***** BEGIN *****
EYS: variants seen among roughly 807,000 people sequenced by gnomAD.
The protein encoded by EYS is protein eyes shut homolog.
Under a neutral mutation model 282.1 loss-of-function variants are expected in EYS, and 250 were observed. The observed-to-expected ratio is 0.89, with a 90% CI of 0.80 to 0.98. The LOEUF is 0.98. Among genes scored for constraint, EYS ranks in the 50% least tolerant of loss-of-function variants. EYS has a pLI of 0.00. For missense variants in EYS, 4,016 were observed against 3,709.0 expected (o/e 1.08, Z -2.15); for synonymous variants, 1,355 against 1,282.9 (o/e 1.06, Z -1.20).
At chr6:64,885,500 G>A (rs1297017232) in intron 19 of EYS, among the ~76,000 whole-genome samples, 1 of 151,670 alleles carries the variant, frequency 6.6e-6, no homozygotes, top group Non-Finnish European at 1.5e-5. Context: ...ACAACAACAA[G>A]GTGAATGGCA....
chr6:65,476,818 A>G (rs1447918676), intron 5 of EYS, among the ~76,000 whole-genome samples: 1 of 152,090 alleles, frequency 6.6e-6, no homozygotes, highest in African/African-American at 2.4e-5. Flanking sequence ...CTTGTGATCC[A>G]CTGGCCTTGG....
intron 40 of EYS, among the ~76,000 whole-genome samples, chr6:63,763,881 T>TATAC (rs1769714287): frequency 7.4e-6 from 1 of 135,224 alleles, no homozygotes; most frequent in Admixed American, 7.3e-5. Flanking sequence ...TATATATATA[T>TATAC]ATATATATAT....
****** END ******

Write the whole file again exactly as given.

EYS: variants seen among roughly 807,000 people sequenced by gnomAD.
The protein encoded by EYS is protein eyes shut homolog.
Under a neutral mutation model 282.1 loss-of-function variants are expected in EYS, and 250 were observed. The observed-to-expected ratio is 0.89, with a 90% CI of 0.80 to 0.98. The LOEUF is 0.98. Among genes scored for constraint, EYS ranks in the 50% least tolerant of loss-of-function variants. EYS has a pLI of 0.00. For missense variants in EYS, 4,016 were observed against 3,709.0 expected (o/e 1.08, Z -2.15); for synonymous variants, 1,355 against 1,282.9 (o/e 1.06, Z -1.20).
At chr6:64,885,500 G>A (rs1297017232) in intron 19 of EYS, among the ~76,000 whole-genome samples, 1 of 151,670 alleles carries the variant, frequency 6.6e-6, no homozygotes, top group Non-Finnish European at 1.5e-5. Context: ...ACAACAACAA[G>A]GTGAATGGCA....
chr6:65,476,818 A>G (rs1447918676), intron 5 of EYS, among the ~76,000 whole-genome samples: 1 of 152,090 alleles, frequency 6.6e-6, no homozygotes, highest in African/African-American at 2.4e-5. Flanking sequence ...CTTGTGATCC[A>G]CTGGCCTTGG....
intron 40 of EYS, among the ~76,000 whole-genome samples, chr6:63,763,881 T>TATAC (rs1769714287): frequency 7.4e-6 from 1 of 135,224 alleles, no homozygotes; most frequent in Admixed American, 7.3e-5. Flanking sequence ...TATATATATA[T>TATAC]ATATATATAT....